Republicans on Capitol Hill are deeply divided over how to respond to escalating gasoline prices, with some proposing new taxes on oil companies, some calling for investigations and others willing to ride out the storm on the forces of the free market.
No Republican plan has gathered as much attention as the multipronged proposal made last week by Senate Majority Leader Bill Frist and other Senate Republicans that would give increasingly frustrated drivers $100 rebates, use federal tax law to encourage development of refineries and hybrid vehicles and allow the president to tighten fuel-economy rules.
"The really insulting part of the whole proposal was that somebody would offer $100 to every American family over this," House Majority Leader John A. Boehner said yesterday. "This is not going to solve the problem."
Asked whether there was some tension with his Senate counterpart, the Ohio Republican replied, "No, I just think that trying to satisfy voters with a $100 voucher is insulting. I didn't know it was Frist. It doesn't make any difference who it is. I'm not referring to him. I don't like the proposal, as you can probably tell."
The proposal also ran afoul of Republican allies in the corporate world, who said a provision on how to count petroleum inventories for tax purposes would essentially amount to a multibillion-dollar tax increase on oil companies and others who maintain large reserves.
Mr. Frist was sticking to his $100 rebate, referring the proposal dealing with inventories to the Senate Budget Committee "so the pluses and minuses of the provision can become well-known." It is widely expected among Republicans that the provision will die there.
"In the meantime, I'll continue working to find a way to bring our proposals to the Senate floor for a vote," said Mr. Frist, of Tennessee. "We've got to help those who are feeling pain at the pump as quickly as possible."
By yesterday, other parts of the Republican bill were taking criticism from both sides of the aisle.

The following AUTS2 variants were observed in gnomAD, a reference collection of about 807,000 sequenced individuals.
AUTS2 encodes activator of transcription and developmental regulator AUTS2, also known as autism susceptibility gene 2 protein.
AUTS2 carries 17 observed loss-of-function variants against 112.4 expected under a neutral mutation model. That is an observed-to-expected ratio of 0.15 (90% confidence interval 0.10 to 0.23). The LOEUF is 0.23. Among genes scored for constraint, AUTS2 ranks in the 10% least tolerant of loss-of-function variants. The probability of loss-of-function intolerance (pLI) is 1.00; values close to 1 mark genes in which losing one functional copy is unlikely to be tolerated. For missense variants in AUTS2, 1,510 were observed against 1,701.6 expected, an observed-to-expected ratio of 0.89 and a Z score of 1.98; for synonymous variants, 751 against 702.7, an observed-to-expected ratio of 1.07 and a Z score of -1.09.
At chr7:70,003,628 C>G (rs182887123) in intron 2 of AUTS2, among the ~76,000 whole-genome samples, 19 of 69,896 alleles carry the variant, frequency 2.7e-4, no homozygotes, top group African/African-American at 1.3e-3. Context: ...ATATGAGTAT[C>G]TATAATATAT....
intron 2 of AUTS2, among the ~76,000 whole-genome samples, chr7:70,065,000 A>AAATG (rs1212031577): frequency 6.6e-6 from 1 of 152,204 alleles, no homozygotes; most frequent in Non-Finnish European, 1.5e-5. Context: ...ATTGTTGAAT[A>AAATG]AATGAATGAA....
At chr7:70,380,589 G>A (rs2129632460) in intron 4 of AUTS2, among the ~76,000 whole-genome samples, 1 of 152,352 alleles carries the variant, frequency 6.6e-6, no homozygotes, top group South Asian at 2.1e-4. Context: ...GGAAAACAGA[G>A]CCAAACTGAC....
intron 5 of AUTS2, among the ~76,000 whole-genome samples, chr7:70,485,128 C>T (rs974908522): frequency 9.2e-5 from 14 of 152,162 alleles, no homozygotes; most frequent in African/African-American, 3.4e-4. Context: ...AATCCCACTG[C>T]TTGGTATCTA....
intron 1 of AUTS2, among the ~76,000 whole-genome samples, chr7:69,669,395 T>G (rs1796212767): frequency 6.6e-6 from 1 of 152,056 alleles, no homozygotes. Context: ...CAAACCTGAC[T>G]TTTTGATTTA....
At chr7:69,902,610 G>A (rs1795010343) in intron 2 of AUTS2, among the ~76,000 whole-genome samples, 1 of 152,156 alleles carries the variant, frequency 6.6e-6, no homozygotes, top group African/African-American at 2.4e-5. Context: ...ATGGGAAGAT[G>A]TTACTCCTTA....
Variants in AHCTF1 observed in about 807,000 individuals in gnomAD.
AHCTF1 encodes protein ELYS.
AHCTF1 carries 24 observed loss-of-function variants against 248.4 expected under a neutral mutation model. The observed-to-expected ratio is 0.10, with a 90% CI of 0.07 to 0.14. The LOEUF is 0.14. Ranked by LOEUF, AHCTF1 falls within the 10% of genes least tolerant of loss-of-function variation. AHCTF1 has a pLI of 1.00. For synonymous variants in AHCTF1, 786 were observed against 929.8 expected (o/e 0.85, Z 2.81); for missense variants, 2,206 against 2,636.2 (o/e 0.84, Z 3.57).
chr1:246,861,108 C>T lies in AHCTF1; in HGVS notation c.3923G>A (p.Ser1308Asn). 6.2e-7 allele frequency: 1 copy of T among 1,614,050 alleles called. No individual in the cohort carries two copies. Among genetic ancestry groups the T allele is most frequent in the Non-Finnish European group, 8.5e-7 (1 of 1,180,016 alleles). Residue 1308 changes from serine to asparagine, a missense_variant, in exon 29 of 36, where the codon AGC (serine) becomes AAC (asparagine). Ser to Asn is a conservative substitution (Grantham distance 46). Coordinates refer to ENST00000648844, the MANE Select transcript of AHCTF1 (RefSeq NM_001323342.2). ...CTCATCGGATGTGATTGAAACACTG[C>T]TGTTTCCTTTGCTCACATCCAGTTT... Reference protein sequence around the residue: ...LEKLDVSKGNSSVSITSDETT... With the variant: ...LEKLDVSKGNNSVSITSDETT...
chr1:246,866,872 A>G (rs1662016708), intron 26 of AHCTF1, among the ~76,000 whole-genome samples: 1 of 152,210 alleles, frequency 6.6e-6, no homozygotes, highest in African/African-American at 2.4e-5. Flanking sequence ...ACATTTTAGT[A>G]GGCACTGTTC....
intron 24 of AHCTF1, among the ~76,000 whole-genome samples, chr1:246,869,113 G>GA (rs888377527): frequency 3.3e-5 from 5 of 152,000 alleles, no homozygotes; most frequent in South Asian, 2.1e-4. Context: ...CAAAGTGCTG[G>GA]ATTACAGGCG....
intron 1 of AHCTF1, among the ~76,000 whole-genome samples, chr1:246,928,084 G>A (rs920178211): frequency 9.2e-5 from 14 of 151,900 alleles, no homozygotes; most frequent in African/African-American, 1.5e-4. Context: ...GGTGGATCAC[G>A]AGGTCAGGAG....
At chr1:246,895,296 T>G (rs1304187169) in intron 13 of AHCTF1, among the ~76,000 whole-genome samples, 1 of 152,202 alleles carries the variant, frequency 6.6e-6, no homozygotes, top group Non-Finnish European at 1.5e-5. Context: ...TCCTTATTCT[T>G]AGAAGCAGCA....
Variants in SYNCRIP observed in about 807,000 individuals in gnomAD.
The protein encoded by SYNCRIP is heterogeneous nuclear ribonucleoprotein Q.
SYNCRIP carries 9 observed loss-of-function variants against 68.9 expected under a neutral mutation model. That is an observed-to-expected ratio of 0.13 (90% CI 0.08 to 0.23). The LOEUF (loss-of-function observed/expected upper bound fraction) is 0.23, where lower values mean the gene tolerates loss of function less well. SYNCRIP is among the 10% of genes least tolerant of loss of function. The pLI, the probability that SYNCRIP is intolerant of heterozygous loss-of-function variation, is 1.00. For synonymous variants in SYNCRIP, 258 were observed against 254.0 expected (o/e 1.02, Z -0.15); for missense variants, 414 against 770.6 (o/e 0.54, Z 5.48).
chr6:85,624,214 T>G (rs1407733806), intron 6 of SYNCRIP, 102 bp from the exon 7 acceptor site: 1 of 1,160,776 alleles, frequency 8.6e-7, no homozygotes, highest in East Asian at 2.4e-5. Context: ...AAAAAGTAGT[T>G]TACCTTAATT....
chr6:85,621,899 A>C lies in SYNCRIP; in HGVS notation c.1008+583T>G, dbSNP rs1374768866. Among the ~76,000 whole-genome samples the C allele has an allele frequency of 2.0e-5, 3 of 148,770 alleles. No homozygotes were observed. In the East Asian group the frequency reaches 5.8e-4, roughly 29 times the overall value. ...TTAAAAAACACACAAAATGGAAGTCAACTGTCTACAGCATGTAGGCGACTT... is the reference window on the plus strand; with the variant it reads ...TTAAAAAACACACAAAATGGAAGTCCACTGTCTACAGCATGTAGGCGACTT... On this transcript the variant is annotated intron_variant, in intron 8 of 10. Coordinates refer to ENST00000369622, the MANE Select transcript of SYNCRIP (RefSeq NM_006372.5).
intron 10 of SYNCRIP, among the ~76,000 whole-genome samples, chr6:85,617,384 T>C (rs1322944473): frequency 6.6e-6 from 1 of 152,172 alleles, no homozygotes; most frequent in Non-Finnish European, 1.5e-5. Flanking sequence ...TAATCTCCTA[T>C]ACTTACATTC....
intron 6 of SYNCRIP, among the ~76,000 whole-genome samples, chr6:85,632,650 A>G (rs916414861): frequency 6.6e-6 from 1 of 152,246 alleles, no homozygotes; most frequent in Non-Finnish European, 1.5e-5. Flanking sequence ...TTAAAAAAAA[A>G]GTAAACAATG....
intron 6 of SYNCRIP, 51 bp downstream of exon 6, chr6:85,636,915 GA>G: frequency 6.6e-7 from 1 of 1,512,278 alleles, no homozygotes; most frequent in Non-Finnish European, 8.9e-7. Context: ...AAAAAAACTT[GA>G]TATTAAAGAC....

"The $100 rebate was dead before it was offered. It was ridiculous," Minority Leader Harry Reid of Nevada told reporters yesterday. "I don't know of one favorable editorial comment about this $100 rebate."
Sen. Rick Santorum, Pennsylvania Republican, yesterday defended the package and the rebate.
"It's an eight-point plan that addresses a variety of different things, everything from production and increasing our supply to reducing demand, as well as providing some very short-term relief in terms of giving some resources to consumers in the form of a rebate," he said.
"I know a lot of people have focused in on the rebate and have suggested that that doesn't do anything to solve the crisis," he added. "Well, it wasn't intended to do anything to increase supply or reduce demand. It was a way of trying to provide some help, some temporary help at a time of gas price spikes this summer driving season."
Meanwhile, Democrats appear to be in political high cotton, blaming Republicans for the high gas prices and chronicling their every disagreement.
Senate Minority Whip Richard J. Durbin of Illinois and other Democrats plan to join with farmers and small-business owners today at Eastern Market to highlight the effect high gas prices has on businesses that rely heavily on transportation.
"Americans across the country are struggling under sky-high gas prices, and not just at the gas station," the lawmakers said in a statement announcing today's press conference. "The ripple effect of high gas prices has spread across the economy, and farmers and small-business owners are feeling the pain of the Bush Republican energy policies that put oil companies before the American people."
House Speaker J. Dennis Hastert blamed Democrats for blocking Republican initiatives such as drilling for oil in Alaska's Arctic National Wildlife Refuge. He also said such press conferences do little to help the matter.
"Our friends on the other side of the aisle are blowing a lot of hot air," the Illinois Republican said. "Obviously, you can't burn hot air, so we have a problem there."